Exclusive breastfeeding protects against common childhood respiratory diseases
Published: March 10, 2022
The impact of breastfeeding on common childhood respiratory diseases is still controversial, with some studies actually showing that breastfeeding could increase the risk of certain chronic lung diseases in children (such as asthma). Furthermore, there is limited information on the effect of breastfeeding on other important determinants of pediatric respiratory health (such as the developing microbiome or immune response).
In a recent study by Rosas-Salazar et al., published in The Journal of Allergy and Clinical Immunology (JACI), the authors analyzed data from a birth cohort of 1,949 healthy infants with prospective ascertainment of breastfeeding patterns and common pediatric pulmonary and allergic diseases. In a subgroup of infants, they also characterized the early-life nasal and gut microbiome and measured the levels of 9 nasal cytokines near birth.
Their analyses revealed multiple associations of exclusive breastfeeding with different characteristics of both the nasal and gut microbiome in infancy. In addition, exclusive breastfeeding was positively associated with the levels of infant cytokines that can help fight respiratory viral infections. Furthermore, an increased duration of exclusive breastfeeding was associated with a decreased risk of lower respiratory tract infections (such as bronchiolitis or pneumonia), asthma, and allergic rhinitis in young children, with each month of exclusive breastfeeding decreasing the odds of these conditions by approximately 5%.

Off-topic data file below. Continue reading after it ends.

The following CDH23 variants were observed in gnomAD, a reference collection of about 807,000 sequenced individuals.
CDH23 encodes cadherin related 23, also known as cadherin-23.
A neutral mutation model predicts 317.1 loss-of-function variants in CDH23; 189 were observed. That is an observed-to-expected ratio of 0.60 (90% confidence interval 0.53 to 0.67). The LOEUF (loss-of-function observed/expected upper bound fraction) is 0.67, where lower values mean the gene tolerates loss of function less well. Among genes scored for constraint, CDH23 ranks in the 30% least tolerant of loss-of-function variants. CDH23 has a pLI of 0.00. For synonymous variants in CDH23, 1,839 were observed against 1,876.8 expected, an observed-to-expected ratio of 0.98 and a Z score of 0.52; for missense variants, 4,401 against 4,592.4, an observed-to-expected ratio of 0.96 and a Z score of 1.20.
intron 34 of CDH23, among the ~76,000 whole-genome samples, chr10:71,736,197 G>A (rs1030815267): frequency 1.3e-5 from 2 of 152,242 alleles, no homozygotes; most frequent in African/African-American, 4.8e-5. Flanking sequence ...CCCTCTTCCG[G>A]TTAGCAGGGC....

The results from this study support a protective causal role of exclusive breastfeeding on the risk of developing common childhood respiratory diseases. They also shed light on potential mechanisms that could underlie these associations (such as the effect of exclusive breastfeeding on the developing microbiome). Health care providers should continue to strongly recommend exclusive breastfeeding to their patients, and they can add the protective effects of exclusive breastfeeding on the development of lower respiratory tract infections, asthma, and allergic rhinitis as some of the potential benefits.
The Journal of Allergy and Clinical Immunology (JACI) is an official scientific journal of the AAAAI and is the most-cited journal in the field of allergy and clinical immunology.